I had abandoned all thoughts of going back to my room as I overheard someone saying “Seth gaali” meaning Moolchand is dead. Appalling as it sounds, there were whistles of victory from a section. Humanity also died at this moment!
I somehow found standing amidst the crowd next to Ramanna and Ammu who was trembling and disheveled. Ramanna escaped the petrol bomb that exploded on the face of Moolchand. He had just delivered the flowers for Moolchand’s morning Pooja and had trekked to the side lane for his beedi. Ammu was waiting for her school rickshaw when the explosion took place. She was frantically crying and looking for Ganesh Mama. Ramanna tried to console her telling not to worry, as Ganesh is one of “our” persons and not Hindikaaran. So, he will be safe. This did little to keep the girl quiet
I had made up my mind, that I need to abandon this place. It was not safe anymore. They could still come back hunting for the goldsmith and paanwala both from some northern state. I had no valuables to take, thank goodness for the student life. My wallet always slept with me and that was useful. I didn’t have to go up to pick anything. I had only one logical destination to go where I could be safe. My college. But I had to secure Ammu somewhere. Ramanna did not look innocuous enough to be trusted with a helpless adolescent girl.
My thoughts were broken by a screaming siren that became louder as few vehicles turned into our corner. I prayed to see police reinforcements. But this was not a day when prayers worked. This time it was a fleet of ambulances that came at a breakneck speed. Probably came to take Moolchand and the rest of the injured, deceased to hospital. No. It didn’t stop there. It was parrying the next batch of rioters into the street, using ambulances as a decoy to fool the police who were trying to barricade Townhall. The police were grossly outnumbered. One Maruti Omni ambulance stopped abruptly in front of us. I had a north Indian name. I cursed my parents momentarily. Damnit! did anyone know me! I started to move towards the crowd to get lost in it and dragged Ammu with me. A familiar figure slid open the side door Ambulance and gripped my arm fiercely. I turned about to stare into Ganesh Mama’s menacing eyes and a stern voice “Dei, Take her to her Amma in Sai Baba colony, and remain safe, I will get her back in the evening!”. Ammu’s frantic cries of Appa! Appa!! was the last thing I heard as another blast brought down the adjacent Ameer complex hurtling down a wave of disintegrated bricks and a wave of concrete dust as the ambulances knifed away through this blindly.
The blast at Ameer complex that housed many sari traders from Surat was followed by yet another uneasy calm. Probably the worst is over. Most of the shops have been vandalized in the last 30 minutes and could see looters carrying away whatever their bags could fill. Expensive watches from the Zimson store, tape recorders. Clothes from Seema silks were carted away merrily. The police were torn between containing violence and preventing looting. They decided not to do both. They just didn’t have the numbers and were shielding themselves with whatever objects they could gather from the rubbles, more concerned on their own self-defense. Meanwhile, the looting orgy was escalating to uncontrolled levels. Even the local general merchant shops decided to roll down their shutters and stay inside or flee. No shop was being spared!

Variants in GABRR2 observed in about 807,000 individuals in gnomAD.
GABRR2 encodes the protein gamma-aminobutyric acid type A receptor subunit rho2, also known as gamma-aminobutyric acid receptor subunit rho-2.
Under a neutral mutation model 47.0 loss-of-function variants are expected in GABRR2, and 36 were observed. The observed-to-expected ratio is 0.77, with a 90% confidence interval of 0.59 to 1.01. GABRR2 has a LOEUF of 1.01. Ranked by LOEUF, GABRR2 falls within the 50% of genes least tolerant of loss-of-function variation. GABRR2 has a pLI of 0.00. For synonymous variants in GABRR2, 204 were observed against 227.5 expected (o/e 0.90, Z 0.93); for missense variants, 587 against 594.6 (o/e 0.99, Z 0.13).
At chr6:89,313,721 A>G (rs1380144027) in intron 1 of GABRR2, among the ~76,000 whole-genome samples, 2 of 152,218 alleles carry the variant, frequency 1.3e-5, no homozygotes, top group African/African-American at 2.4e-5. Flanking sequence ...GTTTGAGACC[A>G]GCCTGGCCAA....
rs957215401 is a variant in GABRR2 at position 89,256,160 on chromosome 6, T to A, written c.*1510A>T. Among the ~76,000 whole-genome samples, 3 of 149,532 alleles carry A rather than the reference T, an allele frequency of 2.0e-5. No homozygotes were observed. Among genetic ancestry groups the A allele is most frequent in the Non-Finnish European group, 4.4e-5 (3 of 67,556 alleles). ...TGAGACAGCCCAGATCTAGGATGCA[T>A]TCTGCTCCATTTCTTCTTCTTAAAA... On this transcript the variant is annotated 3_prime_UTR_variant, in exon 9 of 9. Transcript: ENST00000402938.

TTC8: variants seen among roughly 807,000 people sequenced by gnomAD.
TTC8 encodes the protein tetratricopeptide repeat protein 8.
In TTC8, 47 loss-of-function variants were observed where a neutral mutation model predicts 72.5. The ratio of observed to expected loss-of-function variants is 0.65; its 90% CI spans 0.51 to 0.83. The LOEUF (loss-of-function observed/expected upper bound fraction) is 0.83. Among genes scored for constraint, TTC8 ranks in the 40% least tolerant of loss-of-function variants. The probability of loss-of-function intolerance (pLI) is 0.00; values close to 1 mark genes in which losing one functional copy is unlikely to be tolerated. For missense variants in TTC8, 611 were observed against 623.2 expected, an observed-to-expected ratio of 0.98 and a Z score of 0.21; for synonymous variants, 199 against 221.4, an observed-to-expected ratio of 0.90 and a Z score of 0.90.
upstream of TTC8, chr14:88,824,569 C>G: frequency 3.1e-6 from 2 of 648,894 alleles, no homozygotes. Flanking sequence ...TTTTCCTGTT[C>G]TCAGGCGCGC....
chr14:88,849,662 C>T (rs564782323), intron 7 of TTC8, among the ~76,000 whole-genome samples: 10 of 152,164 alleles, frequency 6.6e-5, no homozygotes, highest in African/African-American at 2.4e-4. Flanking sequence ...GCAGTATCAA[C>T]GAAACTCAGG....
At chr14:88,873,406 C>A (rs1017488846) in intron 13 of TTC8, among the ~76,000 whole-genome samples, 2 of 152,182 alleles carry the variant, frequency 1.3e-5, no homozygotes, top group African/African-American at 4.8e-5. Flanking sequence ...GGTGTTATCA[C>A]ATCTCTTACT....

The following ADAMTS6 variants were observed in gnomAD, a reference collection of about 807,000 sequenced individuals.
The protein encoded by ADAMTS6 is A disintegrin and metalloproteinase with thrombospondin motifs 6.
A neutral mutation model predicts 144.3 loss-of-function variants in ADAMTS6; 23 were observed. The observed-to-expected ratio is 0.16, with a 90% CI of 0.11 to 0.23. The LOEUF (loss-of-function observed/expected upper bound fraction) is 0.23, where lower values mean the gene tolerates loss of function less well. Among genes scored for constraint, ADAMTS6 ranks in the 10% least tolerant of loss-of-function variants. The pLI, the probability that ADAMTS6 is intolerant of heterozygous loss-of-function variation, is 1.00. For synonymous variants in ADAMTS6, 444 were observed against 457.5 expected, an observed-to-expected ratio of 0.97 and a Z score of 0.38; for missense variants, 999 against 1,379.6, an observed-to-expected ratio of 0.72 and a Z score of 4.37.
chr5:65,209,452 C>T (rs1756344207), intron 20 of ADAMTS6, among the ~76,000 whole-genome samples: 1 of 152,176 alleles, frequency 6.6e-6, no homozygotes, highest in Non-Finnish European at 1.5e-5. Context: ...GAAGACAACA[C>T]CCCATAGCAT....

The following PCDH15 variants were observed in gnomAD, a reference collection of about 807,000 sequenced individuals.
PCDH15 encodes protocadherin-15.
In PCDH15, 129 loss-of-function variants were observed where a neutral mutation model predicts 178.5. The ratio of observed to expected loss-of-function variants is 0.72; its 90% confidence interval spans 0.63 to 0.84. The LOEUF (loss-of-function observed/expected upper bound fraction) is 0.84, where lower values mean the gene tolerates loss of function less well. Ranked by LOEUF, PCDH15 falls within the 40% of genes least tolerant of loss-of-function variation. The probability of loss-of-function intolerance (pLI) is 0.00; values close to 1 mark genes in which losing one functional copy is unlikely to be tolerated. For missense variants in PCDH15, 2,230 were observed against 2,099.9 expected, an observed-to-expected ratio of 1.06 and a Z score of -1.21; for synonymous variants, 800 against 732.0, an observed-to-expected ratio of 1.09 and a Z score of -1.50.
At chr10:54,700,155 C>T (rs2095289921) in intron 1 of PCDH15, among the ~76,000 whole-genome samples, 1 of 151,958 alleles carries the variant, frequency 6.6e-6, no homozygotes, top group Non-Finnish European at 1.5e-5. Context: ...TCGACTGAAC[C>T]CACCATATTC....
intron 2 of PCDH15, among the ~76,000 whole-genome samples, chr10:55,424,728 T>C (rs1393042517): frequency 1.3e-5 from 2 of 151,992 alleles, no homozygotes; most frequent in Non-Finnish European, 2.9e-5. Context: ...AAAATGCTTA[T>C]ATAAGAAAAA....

They were still trying to break open the Famous Jewellery lock when Ammu called me, looking composed this time after seeing her father. She wanted to go to her Amma. But I had lost my composure after seeing another face of Ganesh Mama. I could never comprehend how this religious master chef could wield the handle of extremism. Not once did he betray his vicious side of his profile ever since the day he reassured my father on my first day at his mess, that he will serve as my local guardian and ensure my wellbeing!
Saibaba colony was 45 minutes by town bus. Which means 3 hours easily by walk. The city transportation has come to a standstill. She was right. We need to abandon this place as swiftly as possible. Which way, but? Rioting was still on! The danger of running into another crossfire was lurking large. We just had two providential escapes. The third time may not be that lucky! I decided to follow the trail of destruction. War stories taught me that a place will not be bombed twice. The attackers generally move in one forward direction. So, I trusted this logic despite reports that more rioters are converging towards Saibaba colony the next big colony of residences of North Indians. Ironically, with Ammu beside me, I felt safer from direct attacks! Most of them around us knew Ganesh Mama and Ammu.
I wondered why Ammu chose Ganesh Mama over her mother to stay with. As if reading my thoughts, Ammu explained that the school she studied from LKG was closer to here than Sai Baba colony. And that Ganesh mama was a much better cook than her mom! She dismissed any thoughts of further queries by saying that she loved both equally.
We had walked incident free for 15 minutes. The narrow Oppankara street ran for about 2 kilometers end to end. I stopped at a familiar place. Geet Radios and Records! The Bollywood music junction of Coimbatore.
Geet Radios and Records was Manu Sharma’s business. From Alam Ara to Tohfa he had a collection of all Bollywood LPs. That was the technology period of cassettes and tape recorders. Manu’s father Sr. Sharma was a collector of Bollywood music. They used to say that his textile business crumpled because of his obsession with Bollywood Music. He wasn’t fond of the cinema as such. It was the music that he fell in love with.